But like all stories its probably made up. A made up beneficiary to bash.

    How far labour have fallen.

    • Augustus 3.1

      That speech annoyed me, too, no end. I agree, the beneficiary he was talking about probably came straight out of Shearer’s a*se.
      If he was real, the man could have hired someone else to paint his roof and then added the cost to his next application for the Landlord’s benefit (aka Accommodation supplement), but he didn’t and saved the taxpayer money by doing it himself.
      Also, I heard that the man who told Shearer about the beneficiary, owns a rental property. In fact, he has owned 3 of them over the last 10 years, never lived in any of them, but was able to charge high-end rent because his tenants were able to get the Accommodation Supplement anyway for whatever he asked. Then he sold each of the properties on for a profit after 2-3 years. Naturally, he failed to declare any of this on his tax return.
      So if we want to talk about fairness in society, which rip-off do you think is more common? Which one should a Labour leader point out?

      • Vicky32 3.1.1

        That speech annoyed me, too, no end. I agree, the beneficiary he was talking about probably came straight out of Shearer’s a*se.

        Where can I find a report, or better still, a transcript of this speech? From what I know of Shearer, it’s just not the kind of thing he’d say! Standardistas seem (with two exceptions, one of whom is me) to hate Shearer worse than  they hate Key! That makes me sceptical about this story.

          • Vicky32 3.1.1.1.1

            Thanks CV! Reading now…

            • Vicky32 3.1.1.1.1.1

              Having just read it, I don’t think it’s as horrifying as it’s being portrayed.  Shearer’s fault lies in not clarifying why it is he took the word of the guy about his neighbour’s situation… but ACT candidate in the making – give me a break!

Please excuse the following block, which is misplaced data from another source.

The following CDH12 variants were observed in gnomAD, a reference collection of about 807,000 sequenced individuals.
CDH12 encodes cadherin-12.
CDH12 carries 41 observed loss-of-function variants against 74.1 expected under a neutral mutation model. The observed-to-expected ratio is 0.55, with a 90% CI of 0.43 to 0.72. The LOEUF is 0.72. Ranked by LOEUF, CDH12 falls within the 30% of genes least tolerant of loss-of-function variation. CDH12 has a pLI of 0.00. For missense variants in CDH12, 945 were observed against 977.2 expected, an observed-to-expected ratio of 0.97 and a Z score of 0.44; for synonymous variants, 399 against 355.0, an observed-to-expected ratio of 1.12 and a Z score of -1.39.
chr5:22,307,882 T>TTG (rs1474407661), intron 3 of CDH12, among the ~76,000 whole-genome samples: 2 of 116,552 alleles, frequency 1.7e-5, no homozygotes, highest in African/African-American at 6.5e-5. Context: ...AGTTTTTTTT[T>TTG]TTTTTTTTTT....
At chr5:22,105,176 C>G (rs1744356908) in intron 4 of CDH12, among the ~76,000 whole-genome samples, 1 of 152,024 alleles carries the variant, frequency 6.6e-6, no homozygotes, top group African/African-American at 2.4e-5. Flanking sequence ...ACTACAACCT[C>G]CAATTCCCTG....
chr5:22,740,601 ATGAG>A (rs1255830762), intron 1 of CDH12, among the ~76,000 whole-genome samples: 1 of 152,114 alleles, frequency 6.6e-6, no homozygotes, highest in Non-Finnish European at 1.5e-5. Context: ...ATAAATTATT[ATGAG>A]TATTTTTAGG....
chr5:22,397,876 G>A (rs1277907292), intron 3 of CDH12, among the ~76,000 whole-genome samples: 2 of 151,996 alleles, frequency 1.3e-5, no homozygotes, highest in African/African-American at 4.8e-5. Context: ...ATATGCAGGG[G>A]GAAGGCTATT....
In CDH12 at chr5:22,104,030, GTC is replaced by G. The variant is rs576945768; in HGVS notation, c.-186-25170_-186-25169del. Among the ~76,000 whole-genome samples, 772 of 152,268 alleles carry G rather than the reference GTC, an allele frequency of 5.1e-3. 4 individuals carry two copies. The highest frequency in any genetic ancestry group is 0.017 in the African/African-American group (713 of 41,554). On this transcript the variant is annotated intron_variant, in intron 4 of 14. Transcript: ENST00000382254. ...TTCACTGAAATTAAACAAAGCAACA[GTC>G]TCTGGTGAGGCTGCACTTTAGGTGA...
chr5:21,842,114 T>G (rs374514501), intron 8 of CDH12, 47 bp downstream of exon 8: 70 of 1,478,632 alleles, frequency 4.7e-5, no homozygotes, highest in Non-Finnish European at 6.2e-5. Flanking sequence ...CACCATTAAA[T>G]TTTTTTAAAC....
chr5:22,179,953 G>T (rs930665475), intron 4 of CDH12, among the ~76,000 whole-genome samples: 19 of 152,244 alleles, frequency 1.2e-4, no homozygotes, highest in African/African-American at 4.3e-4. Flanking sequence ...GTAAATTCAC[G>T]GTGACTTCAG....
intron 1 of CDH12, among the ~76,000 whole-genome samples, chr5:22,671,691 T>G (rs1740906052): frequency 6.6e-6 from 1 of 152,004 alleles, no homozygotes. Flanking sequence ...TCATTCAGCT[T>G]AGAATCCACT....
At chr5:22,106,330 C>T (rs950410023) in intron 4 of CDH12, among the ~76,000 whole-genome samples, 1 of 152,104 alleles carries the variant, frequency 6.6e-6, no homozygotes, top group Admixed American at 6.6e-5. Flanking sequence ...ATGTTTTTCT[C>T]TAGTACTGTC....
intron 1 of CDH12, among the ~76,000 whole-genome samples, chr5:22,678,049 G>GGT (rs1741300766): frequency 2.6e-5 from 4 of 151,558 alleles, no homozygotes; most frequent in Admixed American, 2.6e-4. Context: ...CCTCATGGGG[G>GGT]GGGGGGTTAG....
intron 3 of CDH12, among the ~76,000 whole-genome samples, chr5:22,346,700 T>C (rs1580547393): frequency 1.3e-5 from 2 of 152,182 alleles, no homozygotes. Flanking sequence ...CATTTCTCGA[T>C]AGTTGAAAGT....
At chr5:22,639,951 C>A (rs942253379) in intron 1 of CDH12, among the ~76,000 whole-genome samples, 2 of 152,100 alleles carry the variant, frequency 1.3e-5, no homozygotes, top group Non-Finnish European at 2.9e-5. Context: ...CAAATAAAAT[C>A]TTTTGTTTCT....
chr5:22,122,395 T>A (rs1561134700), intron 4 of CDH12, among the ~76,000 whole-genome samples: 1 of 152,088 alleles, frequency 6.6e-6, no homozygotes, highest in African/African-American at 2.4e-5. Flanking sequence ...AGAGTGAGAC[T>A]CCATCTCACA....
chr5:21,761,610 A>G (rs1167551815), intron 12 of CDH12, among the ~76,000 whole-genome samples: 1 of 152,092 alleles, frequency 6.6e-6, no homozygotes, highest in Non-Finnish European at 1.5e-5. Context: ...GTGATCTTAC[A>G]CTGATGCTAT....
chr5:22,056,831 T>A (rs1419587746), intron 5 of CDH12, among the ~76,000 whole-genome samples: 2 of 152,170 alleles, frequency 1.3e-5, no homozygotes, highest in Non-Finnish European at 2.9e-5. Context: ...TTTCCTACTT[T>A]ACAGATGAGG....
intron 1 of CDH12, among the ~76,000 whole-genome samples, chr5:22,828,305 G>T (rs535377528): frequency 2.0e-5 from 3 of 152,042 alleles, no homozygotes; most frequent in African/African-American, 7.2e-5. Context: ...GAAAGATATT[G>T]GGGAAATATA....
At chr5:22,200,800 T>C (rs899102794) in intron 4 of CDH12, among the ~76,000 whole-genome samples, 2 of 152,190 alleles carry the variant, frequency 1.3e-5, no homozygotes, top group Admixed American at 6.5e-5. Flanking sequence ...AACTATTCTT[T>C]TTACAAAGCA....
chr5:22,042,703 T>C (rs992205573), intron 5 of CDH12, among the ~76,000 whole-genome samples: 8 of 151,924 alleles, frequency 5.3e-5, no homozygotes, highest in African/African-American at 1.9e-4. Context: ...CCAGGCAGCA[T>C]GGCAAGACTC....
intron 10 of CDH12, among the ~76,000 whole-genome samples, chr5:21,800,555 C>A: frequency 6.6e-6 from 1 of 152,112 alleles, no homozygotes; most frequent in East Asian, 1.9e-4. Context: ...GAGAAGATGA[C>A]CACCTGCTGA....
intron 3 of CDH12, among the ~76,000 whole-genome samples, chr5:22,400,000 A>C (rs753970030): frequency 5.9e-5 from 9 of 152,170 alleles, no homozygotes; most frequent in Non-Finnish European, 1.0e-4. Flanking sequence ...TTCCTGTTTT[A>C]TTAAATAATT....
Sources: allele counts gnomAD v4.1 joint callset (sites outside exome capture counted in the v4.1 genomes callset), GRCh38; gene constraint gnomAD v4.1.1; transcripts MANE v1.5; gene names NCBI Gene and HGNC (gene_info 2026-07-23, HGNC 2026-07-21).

I’ve never understood the widespread hatred for Shearer here.
              I have previously got into trouble for expressing my loathing of Russel Norman and the middle class kiddies that make up the BLUE-green party.. but it’s okay, it seems to slander Shearer up and down and all around. I have not got over the sinking feeling I had, hearing Norman and Turei say on the TV news right after the election last year, that they were sure they could work happily with NACT in their ‘memorandum of understanding’ or whatever they call it.

    • Plastic Tolstoy 3.2

      The problem is that it has become acceptable to bash beneficiaries, and many people voted for National because of the perception that Labour gave too many hand-outs to the ‘undeserving’. Now that that attitude is firmly entrenched in our culture anyone trying to do right by everyone rather than giving more to the wealthiest few is seen as soft, bleeding-heart, gullible or, my personal favourite, jealous. Shearer is probably just saying what he thinks people want to hear. The thing that always amuses me (not a funny subject but let’s face it, if you don’t laugh you’ll cry) is how quick people are to criticize those on welfare while being ignorant to the fact that corporate welfare is a much bigger problem.